16 week Mountaineering or Alpinism Plan

  • Creator
  • #55596
    Cory from Wisconsin

    Hi Guys,

    I feel like I’ve seen a similar question to this in the past, but I’m not locating it with the search.

    I’m a weekend warrior and only get a couple of moderate US based trips per year (this year was Mt. Whitney via Mountaineer’s route in March and climbing the Pseudo Wiesnner route at Devils Tower in June). I’m not doing anything super technical or difficult for this audience, just everyday man type stuff consisting of moderate climbs and 14ers without significant technical difficulty. I’ve also gotten into ice climbing in the last few years, but that consists of a weekend or two a season due to the drive distance to reach ice.

    With that being said, I do have time to train and I’m looking for advice on which training plan(s) to buy. Next year’s primary objectives are leading WI5 in Feb (Dairyland in UP Michigan) and climbing the Grand Teton in May/June via the Owen Spalding. For the Teton trip I’m going with a few buddies, but I’ll have the most experience and want to have plenty of reserve capacity since I’ll be making the decisions on terrain assessment, gear placement, and overall safety (suffice it to say we will not be soloing the route, despite its moderate grade). I have not previously purchased a plan from UA, but I’ve used the free Training for Ice and Mixed Climbing article (https://uphillathlete.com/training-ice-mixed-climbing/) to great effect.

    My question is should I buy and start the 16 week mountaineering plan now, run through October then transition to the free Ice and Mixed plan for ice season, then back to the mountaineering plan to prep for the Grand? Or should I purchase the Steve House 16 week Eiger plan and just loop that plan?

    Thanks in advance for the responses.


  • Participant
    LindsayTroy on #55598

    Do you have an objective planned for 16 weeks from now? I wonder about burnout if you’re doing plan after plan after plan.

    What if you did an unstructured transition and/or max strength plan to get you to October. Something like aim for a rough number of hours per week sub AeT but without any real structure and maybe do some kind of strength training 2x per week

    Cory from Wisconsin on #55602

    No specific plans 16 weeks from now, other than a desire to be in better shape. I’ve only introduced structured training to my life a few years ago and typically summers are a difficult time to maintain training motivation which leaves me feeling like I’m in a serious rebuilding phase in the fall. Its amazing how quickly some of the gains fade after time off and a few too many adult beverages during our short summers. This year instead of having to rebuild in the fall I’m looking for something structured to build fitness now so that I can wring more out of a late fall/winter cycle.

    Burnout could be a concern but I know that without a plan I’ll be inclined to not do enough to maintain current fitness.

    I guess part of what I’m curious about with the plan selection is if the Eiger plan would be appropriate for both my goals since I’m assuming it has a good amount of upper body strength for ice/mixed combined with lower strength and endurance for general mountain travel vs. the 16 week mountaineering plan being more focused on overall core and leg strength to support high mountain objectives. Has anyone purchased both and can comment on the mix of activities vs. the specificity of fitness the incorporate?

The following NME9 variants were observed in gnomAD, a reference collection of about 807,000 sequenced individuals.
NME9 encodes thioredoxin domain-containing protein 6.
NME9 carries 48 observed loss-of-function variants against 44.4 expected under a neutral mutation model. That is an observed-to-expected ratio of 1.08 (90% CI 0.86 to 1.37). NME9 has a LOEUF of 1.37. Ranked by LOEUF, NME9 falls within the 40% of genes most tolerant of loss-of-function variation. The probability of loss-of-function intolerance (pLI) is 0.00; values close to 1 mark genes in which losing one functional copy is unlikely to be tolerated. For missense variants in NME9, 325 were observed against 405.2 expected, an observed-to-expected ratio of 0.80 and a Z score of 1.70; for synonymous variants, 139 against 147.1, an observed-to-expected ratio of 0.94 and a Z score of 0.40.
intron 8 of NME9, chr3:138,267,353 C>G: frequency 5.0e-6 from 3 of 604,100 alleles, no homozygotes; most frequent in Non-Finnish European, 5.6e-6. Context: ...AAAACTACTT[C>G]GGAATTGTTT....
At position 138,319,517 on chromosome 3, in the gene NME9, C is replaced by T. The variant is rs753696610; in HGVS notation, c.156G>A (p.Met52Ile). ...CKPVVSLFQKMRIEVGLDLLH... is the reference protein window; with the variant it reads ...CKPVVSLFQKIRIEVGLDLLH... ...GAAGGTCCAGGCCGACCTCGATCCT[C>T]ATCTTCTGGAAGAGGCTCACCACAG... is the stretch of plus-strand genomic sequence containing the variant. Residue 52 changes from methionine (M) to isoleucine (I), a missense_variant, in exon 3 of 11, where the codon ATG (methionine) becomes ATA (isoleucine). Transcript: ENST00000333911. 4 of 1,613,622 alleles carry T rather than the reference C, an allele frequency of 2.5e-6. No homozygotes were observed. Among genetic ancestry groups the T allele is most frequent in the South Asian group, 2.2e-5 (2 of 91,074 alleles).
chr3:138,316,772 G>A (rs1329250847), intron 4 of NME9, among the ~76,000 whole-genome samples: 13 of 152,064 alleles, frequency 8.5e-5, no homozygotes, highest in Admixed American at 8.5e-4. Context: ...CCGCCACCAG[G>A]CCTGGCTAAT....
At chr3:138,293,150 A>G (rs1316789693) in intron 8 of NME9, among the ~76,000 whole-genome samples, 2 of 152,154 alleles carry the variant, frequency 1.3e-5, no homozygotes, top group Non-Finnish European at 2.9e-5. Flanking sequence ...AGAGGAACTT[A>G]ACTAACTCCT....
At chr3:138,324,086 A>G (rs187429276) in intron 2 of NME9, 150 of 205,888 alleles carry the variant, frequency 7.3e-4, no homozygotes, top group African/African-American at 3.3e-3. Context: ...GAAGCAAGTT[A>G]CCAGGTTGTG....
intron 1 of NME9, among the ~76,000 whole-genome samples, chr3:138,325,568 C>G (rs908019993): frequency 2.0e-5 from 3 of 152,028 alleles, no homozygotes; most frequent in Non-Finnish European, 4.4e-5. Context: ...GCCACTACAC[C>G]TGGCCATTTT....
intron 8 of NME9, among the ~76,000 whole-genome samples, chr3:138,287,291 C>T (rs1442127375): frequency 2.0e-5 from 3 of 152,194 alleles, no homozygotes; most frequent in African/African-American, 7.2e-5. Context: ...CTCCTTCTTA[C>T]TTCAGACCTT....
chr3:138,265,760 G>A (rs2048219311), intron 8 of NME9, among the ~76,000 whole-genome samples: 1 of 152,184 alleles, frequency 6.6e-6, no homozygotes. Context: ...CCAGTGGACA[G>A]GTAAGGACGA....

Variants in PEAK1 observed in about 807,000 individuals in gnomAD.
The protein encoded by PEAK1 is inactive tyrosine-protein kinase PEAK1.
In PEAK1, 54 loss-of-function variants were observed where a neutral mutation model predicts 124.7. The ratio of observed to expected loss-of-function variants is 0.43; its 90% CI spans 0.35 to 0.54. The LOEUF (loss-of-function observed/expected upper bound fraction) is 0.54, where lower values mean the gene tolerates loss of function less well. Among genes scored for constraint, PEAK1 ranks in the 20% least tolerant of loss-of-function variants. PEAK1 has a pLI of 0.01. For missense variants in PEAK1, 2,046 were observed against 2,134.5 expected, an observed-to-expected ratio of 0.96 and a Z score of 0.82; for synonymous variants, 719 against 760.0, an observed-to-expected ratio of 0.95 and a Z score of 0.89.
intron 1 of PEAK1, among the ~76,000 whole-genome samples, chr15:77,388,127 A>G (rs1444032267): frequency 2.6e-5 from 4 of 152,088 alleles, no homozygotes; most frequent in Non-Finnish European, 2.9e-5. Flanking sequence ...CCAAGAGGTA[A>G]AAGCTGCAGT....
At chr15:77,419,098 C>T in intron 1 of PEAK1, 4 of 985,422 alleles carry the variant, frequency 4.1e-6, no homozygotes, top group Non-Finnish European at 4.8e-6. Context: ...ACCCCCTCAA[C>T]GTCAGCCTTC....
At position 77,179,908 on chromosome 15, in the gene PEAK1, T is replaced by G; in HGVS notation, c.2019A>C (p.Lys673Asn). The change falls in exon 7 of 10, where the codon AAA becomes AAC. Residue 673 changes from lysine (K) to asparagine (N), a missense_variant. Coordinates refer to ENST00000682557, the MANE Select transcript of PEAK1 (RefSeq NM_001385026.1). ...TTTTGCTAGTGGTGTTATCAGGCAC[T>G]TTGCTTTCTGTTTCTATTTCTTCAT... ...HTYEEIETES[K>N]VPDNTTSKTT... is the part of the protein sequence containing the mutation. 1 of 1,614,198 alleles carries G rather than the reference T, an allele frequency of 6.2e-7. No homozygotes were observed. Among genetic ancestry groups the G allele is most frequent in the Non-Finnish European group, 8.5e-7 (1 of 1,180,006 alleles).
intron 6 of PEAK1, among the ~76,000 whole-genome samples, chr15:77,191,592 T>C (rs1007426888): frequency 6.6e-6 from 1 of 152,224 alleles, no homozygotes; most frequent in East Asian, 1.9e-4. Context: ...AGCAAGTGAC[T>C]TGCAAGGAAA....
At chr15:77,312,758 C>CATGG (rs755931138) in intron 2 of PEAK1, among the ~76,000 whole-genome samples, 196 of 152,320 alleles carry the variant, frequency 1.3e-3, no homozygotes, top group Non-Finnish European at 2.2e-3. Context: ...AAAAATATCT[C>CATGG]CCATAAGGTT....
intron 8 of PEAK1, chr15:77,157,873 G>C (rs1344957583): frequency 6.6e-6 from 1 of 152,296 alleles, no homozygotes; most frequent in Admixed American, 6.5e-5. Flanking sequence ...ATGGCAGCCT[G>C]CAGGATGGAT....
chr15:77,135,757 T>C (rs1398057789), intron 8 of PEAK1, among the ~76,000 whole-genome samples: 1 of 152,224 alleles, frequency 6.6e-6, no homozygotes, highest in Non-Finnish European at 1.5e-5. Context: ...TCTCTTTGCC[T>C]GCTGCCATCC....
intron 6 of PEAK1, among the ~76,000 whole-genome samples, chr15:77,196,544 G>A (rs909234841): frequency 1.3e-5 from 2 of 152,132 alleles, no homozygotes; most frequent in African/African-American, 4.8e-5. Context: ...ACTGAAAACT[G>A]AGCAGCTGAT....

LindsayTroy on #55665

    Sounds like you’ve thought through how you handle training and your appetite for sustaining it for a long time.

    I’m sorry I can’t help more with which plan you should pick.

    Anonymous on #55696


    Lindsay asked me to chime on. I hope I can add some value.

    With your goal of the Owen Spalding on the Grand Teton, base fitness will be your principal aim during the bulk of your training. (BTW: If the Tetons have a normal winter, climbing in May will be mostly on snow. June is probably a better target date).

    This routes is not technically very difficult but it is a lot of vertical at significant altitude and unless you plan to do it in a day from the car you will be carrying camping gear. So, the packs will be heavy. Either way you choose to do it, you’ll be looking at long days. This means that aerobic capacity and general strength will be the biggest limiters to your performance as long as you feel technically able to handle the crux bits. Not being exhausted by your efforts on the first day of getting to the bivy site will allow you to be a more effective leader on the second day, which will keep you safer.

    The 16 week plan is a good one but since you are not so constrained in time I would suggest the 24 week plan. Start it at week one now. When finished with it in December start it over again but from week 9 and extend the plan later by repeating the last 8 weeks. During this summer and fall add in the same ice and mixed plan you have buy either substituting it for the general strength in the 24 week plan of adding it to the strength workouts in the 24 week plan.

    I hope this helps.

    Cory from Wisconsin on #55736

    Thanks Scott! This was exactly the insight I was looking for and I’ve now purchased the 24 week plan per your suggestion.

    You probably hear this a lot (at least I hope you do) but I wanted to say how grateful I am that you guys have chosen to share such a wealth of knowledge on this site and in the books and have make it readily available. Thanks!

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